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Could we have art, without some psychotic process?

On the Beautiful Minds blog, the latest entry is titled Is Psychosis a Prerequisite for Art?  The author states his opinion that ” If the mental processes associated with psychosis were evaporated entirely from this world, art would suck. But so would a lot of other things that require imagination.”  He then backs this idea up in a number of ways, including linking to a more detailed earlier article he wrote called Schizotypy, Flow, and the Artist’s Experience.  This article goes into detail exploring how many processes we see going to extremes in psychosis can be highly valuable when utilized with a bit more control in people who are good at being creative.

Anyway, this all supports the thesis I have proposed before, that competent mental health treatment should not attempt to suppress everything that is on this “psychotic” dimension, but instead help people learn how to temper it so it is not overwhelming and destructive.

7 comments… add one
  • I learned during my time as a mental health client. That a mental dis-order such as schizophrenia or any other mental dis-order. Is nothing to be anymore ashamed of, than if you had one arm or one leg or the multitude of other disabilities in the world. Many great minds, that have contributed significantly to this world, have been “mentally ill” by normal standards. But then again that brings to question, what exactly is normal? What is normal for some is not normal for everyone. I know “society” sets the standard for what is normal, but in todays society I would not want to be judged “normal” by thier standards, or the lack thereof.
    But I digress, allow me to get back on point. I believe that regardless of your “dis-ability” your disability is not what defines you. What defines you is what you can accompolish regardless of your “dis-ability”. A man with one arm can learn to swim, a man with one leg can learn to walk and even to run. So why is it surprising that a person with a mental dis-order can be creative, intellegent or anything else they may set thier hearts and minds to be? FM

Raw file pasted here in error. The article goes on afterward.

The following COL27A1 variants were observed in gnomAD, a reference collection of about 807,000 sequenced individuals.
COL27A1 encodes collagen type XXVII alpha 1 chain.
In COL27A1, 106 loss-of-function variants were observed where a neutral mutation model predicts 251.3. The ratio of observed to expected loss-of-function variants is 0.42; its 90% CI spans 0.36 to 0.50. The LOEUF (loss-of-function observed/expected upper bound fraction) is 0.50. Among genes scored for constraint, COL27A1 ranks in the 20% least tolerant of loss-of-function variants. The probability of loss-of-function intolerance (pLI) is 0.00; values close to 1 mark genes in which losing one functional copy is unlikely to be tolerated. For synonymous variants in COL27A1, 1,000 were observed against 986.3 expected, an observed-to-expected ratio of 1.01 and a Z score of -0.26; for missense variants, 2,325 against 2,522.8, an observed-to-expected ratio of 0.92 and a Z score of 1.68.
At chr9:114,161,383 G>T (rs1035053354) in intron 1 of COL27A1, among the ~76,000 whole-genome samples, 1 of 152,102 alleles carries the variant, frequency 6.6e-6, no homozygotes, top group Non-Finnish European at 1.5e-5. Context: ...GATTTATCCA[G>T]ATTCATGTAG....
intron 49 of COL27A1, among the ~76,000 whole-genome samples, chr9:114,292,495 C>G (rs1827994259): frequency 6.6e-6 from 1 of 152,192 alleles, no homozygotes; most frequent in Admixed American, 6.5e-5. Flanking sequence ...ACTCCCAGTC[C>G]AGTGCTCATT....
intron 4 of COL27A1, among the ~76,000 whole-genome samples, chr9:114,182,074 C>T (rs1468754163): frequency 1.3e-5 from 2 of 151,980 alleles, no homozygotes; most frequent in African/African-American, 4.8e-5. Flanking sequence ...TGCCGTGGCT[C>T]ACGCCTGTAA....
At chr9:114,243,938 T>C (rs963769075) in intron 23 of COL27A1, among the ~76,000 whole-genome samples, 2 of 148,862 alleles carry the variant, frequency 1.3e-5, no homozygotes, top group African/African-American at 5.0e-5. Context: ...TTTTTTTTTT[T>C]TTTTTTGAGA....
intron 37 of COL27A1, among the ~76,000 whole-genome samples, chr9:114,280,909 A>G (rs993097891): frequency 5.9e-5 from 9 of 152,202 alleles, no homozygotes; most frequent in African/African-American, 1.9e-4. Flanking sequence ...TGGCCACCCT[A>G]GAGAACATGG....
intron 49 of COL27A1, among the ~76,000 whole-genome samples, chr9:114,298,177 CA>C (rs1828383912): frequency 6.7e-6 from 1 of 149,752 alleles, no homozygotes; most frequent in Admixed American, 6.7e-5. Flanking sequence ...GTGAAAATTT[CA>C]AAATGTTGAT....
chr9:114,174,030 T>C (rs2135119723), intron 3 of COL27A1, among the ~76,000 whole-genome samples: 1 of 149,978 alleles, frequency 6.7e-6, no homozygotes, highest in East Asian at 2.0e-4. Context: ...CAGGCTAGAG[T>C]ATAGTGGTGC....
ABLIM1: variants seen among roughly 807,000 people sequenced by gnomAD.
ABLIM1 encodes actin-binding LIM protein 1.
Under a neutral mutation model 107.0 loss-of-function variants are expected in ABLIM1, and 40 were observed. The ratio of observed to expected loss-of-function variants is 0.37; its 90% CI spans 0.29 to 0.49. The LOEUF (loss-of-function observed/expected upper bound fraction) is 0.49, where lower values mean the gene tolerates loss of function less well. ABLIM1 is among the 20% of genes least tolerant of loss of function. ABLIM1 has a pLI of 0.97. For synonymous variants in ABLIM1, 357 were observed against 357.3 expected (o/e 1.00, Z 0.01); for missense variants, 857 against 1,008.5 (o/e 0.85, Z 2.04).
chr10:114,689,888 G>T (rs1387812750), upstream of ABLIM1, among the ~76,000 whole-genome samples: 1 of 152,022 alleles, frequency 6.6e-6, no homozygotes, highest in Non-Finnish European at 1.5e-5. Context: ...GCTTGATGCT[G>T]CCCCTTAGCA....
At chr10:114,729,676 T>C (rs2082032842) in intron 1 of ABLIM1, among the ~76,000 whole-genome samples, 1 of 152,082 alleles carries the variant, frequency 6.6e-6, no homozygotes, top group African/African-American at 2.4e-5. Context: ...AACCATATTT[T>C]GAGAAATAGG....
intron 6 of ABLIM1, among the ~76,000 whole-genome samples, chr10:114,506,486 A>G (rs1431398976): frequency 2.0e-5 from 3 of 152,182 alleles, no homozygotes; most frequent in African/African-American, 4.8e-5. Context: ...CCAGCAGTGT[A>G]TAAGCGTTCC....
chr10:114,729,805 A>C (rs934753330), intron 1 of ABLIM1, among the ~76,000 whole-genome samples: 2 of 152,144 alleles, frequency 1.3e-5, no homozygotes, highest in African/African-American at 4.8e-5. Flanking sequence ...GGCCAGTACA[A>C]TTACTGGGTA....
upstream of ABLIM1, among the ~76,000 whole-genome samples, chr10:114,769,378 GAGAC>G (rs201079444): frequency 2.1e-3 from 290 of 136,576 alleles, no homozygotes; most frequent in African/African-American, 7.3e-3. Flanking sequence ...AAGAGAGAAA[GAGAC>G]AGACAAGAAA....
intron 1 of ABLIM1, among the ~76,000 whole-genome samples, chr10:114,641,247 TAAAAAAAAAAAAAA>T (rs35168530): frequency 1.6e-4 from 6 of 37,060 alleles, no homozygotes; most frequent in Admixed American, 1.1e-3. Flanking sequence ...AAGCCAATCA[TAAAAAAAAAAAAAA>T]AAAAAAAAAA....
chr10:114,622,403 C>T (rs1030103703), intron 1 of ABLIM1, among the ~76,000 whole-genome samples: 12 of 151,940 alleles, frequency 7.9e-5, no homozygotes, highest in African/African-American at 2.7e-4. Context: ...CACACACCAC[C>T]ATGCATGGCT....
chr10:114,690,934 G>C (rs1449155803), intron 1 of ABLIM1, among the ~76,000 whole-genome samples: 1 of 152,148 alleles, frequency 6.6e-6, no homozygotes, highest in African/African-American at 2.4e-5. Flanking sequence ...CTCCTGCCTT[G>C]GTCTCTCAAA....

• psychosis is a recently invented word. Is a person psychotic or imaginative? If they are not following authorities orders they are psychotic, if they follow orders (or have the power to give orders) they are imaginative.
    Howard Robard Hughes, Jr. (September 24, 1905 – April 5, 1976)
    Because he refused to leave the hotel and to avoid further conflicts with the owners of the hotel, Hughes bought the Desert Inn in early 1967.

    • Hi Mark,

      While psychosis is a more recent word, it covers much of the same phenomena as “madness” which is a much older word. So the phenomena has been around for a long time.

      And I think psychosis often involves a broader range of problems than what you imply. Sometimes the problems are with authorities, but sometimes the problems are in getting along with anyone at all, and often people can’t get along with themselves and are seeking help because they are just freaked out. Of course, each case can be different.

      Sometimes it is hard to figure out who is really the source of the problem, is it the too dysfunctional and/or rigid society, family, authorities, conscious self, or it it the too chaotic or unruly “psychosis?” The same sort of question comes up when kids rebel at school – is it that the school is unnecessarily repressive, or that the children are undisciplined and need to learn how to accept structure? I think it can go either way, often there is no black or white answer. These are things we need to “wrestle with.”

      See below for a video you might enjoy that really celebrates “not fitting in:”

      “ATTENTION: All you rule-breakers, you misfits & troublemakers, all you free-spirits & pioneers… Everything the establishment has told you is wrong with you – is actually what’s right with you… Go here:

  • Historically, what we label as psychosis today has also been viewed as shamanic and has bene valued in some historical cultures and societies.

    I would agree with an evaluation that suggests that the genius of creativity lies somewhere near, or within, the psychotic state. John Forbes Nash is a great recent example. Van Gogh is another from the not too distant past.

  • RE”“madness” which is a much older word.”
    Homosexuality used to be mentally ill.
    Epilepsy used to be mentally ill.
    Syphilis used to be mentally ill.

    RE”often there is no black or white answer.”
    I disagree. There is no brain chemical imbalance that Pharma sells. There is no psychotic molecule for a antipsychotic to attack. “It is like insulin for diabetes.”

  • My apologies. I just saw the video link you posted. You want to help people, but I don’t believe you can help people who are “psychotic”. Only the person can find their own personal way out, there own balance.

    • Hi Mark,

      I agree with a lot of what you say. For example, I fully agree that psychosis is not caused by any simple “biochemical imbalance,” that there is no single molecule or simple biological mechanism to address, and so it is a lie to say that giving an antipsychotic for psychosis is “just like giving insulin for diabetes.” I also agree with you that the absolutely essential heart of recovery is a person finding his or her own way out, his or her own balance.

      But I don’t agree that others can be of no help. I think we humans have always been capable of helping each other with such experiences, from the days when it was seen as shamanic to today when programs like the Open Dialogue just see it as a way of communicating that for which no words have yet been found: see my prior post,